Purple Teaming is the defensive Blue Team and the offensive Red Team operating together as a single unit. Purple Team cybersecurity practices preparation and detection against malicious tactics (historically Blue Team methods), which are initiated (historically by a Red Team) to test defense in depth. The malicious tactics and techniques initiated are often adapted to mimic specific threats an organization would face in terms of their industry and unique needs.
Traditional penetration tests and vulnerability scanner assessments identify vulnerabilities on systems only for that fragment in time. This is a problem due to constant system changes that regularly happen; a system can become vulnerable at any time. A malicious actor only needs a fraction of a second to compromise a system.
Purple Team cybersecurity initiatives eliminate possible gaps that can appear when proper risk assessment and management aren’t a revolving practice.
Threatcare, the leader in Proactive Data Security, offers the Threatcare Suite. The Suite is an Enterprise SaaS that acts as a virtual purple team. The Threatcare Suite can execute BAS (Breach and Attack Simulations) as well as a wide variety of other simulations to test your defense in depth.
Practicing Purple Teaming cybersecurity can improve the overall security of an organization. Simulated malicious techniques help professionals familiarize with the ever-expanding threat environment. For every simulated scenario generated by the Red Team, Blue Teams are required to update their playbooks.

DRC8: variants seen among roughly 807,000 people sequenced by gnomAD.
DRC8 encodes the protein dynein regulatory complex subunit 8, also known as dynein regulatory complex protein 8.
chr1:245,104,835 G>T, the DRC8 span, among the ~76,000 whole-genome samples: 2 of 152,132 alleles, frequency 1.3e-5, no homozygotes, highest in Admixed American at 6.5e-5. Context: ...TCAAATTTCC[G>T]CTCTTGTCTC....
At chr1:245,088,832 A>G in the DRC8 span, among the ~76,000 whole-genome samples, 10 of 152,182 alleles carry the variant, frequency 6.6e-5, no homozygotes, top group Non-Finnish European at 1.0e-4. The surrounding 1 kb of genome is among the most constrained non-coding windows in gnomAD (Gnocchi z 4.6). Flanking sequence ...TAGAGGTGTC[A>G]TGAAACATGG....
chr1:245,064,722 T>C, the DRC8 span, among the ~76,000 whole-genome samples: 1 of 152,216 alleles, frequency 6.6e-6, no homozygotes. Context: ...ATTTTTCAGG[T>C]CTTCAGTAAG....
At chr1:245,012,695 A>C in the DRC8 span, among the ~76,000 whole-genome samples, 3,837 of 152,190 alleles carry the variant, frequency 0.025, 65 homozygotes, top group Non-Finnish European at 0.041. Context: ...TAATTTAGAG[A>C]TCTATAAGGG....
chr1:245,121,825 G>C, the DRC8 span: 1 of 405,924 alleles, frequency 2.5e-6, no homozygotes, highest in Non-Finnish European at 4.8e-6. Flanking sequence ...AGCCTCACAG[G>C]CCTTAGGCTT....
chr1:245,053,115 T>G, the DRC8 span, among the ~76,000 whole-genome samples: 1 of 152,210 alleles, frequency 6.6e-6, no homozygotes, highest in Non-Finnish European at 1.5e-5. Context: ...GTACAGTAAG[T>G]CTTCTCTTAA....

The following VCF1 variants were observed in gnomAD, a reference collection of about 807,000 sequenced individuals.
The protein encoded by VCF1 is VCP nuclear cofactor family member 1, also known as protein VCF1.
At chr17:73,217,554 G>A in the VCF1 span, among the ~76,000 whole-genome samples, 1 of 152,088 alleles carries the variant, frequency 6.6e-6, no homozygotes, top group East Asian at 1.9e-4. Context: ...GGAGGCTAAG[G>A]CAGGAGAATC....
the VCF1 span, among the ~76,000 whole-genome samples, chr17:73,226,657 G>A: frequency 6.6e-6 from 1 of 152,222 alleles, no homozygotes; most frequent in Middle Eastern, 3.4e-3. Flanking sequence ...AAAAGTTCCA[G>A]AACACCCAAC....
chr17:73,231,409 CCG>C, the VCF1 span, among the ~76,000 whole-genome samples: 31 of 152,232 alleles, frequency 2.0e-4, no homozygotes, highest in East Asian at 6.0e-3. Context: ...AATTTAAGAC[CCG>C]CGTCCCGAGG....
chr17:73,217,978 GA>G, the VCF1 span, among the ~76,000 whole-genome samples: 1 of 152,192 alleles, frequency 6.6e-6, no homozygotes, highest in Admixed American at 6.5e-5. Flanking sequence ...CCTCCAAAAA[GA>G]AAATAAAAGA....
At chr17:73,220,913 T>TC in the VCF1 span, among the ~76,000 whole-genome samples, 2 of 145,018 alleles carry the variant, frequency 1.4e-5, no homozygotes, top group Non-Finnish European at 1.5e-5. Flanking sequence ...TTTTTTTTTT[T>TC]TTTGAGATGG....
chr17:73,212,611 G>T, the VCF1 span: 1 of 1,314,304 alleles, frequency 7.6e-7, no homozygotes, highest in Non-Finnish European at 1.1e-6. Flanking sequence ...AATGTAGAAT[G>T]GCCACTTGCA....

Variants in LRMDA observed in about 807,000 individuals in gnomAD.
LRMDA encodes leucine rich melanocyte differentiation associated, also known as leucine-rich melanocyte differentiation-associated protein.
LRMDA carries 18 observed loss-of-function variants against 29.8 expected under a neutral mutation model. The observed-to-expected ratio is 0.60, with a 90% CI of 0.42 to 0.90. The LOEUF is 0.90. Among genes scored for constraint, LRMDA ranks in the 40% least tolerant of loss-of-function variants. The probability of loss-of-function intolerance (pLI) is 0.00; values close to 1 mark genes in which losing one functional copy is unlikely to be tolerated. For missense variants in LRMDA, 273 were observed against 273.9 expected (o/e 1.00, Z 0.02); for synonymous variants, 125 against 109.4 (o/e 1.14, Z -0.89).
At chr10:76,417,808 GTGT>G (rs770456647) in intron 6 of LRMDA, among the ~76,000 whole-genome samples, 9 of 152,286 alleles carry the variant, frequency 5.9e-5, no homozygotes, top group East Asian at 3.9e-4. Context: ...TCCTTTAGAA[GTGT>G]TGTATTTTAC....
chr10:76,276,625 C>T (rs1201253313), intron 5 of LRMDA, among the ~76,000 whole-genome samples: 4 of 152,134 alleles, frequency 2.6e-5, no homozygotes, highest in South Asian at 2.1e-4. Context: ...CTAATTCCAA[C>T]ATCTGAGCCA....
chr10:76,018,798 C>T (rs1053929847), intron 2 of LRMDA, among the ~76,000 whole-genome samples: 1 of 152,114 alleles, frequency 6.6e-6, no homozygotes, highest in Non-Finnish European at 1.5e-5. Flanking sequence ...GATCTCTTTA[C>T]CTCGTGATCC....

Playbooks determine different types of alerts and include a compilation of routine procedures an administrator carries out. It is standard practice for Blue Team defenders in security operation centers (SOC).
Purple Teaming cybersecurity operations initiate incident responses (IR) to improve security culture processes. Purple Teams can leverage reconnaissance techniques to test the effectiveness of an organization’s security procedures. This better enables employee awareness and adherence to policies — leading to faster detection and stronger threat containment ability.
Open Source Intelligence (OSINT) is a term used to refer to the data collected from publicly available sources. OSINT can be used to gather information like high-profile employee descriptions inside an organization. Some tools used may include:
It is common for DNS servers or controlled mail relays to be externally visible. This is a bad practice for printers, database servers, and out-of-date systems. Through continuous Purple Team exercises, an organization can ensure changes are made to systems allowing only authorized devices to be accessed directly from the internet.
Purple Team cybersecurity operations offer a direct return on investment by identifying cracked processes and procedures. Purple Teamers find gaps in current security stacks, leading to more efficient and effective future purchases.